posted on 26 April 2016
by Michael Haltman
This week both the Bank of Japan and the Federal Reserve will be meeting to chart the future course of interest rates.
In the U.S. where prior to the recent small interest rate hike ZIRP or zero interest rate policy had been in place, speculation over whether the Fed will raise or stand pat going forward has been running rampant through the global financial markets.
Mohamed El-Erian, well respected on all things interest rate related, said today that this weeks Fed meeting will set the stage for a June rate hike...
The reality is, however, that the spate of stimulus since the financial crisis has not accomplished the Fed's dual-mandate which is full employment and inflation at a predetermined target rate. Some might argue that with the unemployment rate hovering around 5% that the employment target indeed has been reached but, if one were to look under the hood of the statistics, that's not necessarily true.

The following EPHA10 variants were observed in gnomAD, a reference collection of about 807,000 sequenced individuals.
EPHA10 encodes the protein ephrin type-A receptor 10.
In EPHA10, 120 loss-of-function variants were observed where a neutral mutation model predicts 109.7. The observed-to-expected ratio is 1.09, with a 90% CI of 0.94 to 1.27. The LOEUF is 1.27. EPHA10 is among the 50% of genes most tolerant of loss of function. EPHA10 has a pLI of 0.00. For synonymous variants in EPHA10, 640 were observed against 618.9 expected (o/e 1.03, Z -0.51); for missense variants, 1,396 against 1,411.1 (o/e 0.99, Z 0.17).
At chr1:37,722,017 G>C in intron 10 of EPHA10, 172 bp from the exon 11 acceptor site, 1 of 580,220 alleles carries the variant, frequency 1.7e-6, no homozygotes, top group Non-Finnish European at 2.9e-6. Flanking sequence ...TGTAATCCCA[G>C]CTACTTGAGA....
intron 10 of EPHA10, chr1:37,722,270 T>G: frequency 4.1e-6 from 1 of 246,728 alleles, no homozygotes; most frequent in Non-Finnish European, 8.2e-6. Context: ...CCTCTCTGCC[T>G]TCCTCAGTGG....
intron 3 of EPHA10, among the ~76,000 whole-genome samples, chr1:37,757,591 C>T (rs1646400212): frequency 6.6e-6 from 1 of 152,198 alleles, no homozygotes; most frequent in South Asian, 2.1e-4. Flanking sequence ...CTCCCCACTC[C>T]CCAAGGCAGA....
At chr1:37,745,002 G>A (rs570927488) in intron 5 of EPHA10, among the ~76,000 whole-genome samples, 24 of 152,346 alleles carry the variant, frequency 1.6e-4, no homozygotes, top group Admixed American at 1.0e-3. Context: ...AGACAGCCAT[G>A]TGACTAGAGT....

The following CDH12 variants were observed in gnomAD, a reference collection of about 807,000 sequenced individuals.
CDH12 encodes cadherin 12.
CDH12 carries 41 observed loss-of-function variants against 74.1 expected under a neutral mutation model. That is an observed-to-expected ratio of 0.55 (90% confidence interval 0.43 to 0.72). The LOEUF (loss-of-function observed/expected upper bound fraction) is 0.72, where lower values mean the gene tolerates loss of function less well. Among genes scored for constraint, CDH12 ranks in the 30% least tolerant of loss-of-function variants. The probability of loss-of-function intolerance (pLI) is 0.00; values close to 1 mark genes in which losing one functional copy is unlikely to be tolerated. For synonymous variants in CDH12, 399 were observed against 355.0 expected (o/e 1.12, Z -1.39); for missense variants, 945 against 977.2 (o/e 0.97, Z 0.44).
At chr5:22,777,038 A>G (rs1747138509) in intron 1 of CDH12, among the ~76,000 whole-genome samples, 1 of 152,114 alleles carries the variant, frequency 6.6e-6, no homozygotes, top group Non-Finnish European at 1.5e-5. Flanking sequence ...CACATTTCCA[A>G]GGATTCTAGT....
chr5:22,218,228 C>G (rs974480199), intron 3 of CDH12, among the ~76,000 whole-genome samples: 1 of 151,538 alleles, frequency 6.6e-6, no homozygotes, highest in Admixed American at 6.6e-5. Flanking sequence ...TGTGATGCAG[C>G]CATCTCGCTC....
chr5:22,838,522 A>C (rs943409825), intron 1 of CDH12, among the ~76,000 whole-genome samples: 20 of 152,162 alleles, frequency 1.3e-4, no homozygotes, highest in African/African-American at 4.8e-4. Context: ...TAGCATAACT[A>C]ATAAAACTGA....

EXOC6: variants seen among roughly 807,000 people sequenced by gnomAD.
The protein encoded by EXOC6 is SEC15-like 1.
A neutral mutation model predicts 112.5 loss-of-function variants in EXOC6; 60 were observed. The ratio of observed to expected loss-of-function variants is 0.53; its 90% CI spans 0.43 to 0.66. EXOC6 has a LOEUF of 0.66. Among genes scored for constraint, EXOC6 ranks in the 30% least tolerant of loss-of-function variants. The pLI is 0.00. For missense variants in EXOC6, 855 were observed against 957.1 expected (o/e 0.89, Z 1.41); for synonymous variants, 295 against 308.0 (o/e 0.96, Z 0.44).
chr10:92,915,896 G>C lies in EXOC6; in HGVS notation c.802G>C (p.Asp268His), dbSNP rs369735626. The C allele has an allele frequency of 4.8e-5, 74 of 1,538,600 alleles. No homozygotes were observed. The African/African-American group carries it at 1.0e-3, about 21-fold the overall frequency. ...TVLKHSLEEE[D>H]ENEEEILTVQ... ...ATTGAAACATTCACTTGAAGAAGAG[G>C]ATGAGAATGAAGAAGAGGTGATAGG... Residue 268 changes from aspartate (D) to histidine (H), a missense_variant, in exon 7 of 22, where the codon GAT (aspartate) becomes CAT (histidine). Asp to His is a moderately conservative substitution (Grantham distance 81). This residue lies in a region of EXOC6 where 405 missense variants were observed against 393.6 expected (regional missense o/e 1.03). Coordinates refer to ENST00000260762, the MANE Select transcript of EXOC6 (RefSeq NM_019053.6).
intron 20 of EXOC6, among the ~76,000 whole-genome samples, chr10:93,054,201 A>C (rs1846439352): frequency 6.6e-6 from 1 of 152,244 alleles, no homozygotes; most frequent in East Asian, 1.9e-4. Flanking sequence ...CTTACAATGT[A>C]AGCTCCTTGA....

But what ZIRP has accomplished may not necessarily be a positive for investors who have been forced to search high and wide for yield...
From U.S. ZIRP To Japan's NIRP!
Moving from the U.S. monetary policy of ZIRP, the Bank of Japan (BOJ) which meets this Thursday has had the policy in place of NIRP, or negative interest rate policy!
Bogged down with an underperforming economy and recessionary pressures for quite some time the Bank of Japan has embarked on a program of negative interest rates or, in essence, of investors paying to have their money held in what are considered to be safe havens.
So what will the BOJ do this week? The world could see a trifecta of moves as explained here...
So will the central banks decisions later this week be a net positive for the global economy?
And in reality can these central banks actually raise rates for fear of the cascading impact that such a move would have?
And finally for economies that are dependent on a strong and vibrant real estate sectors will the moves be a net positive or negative?
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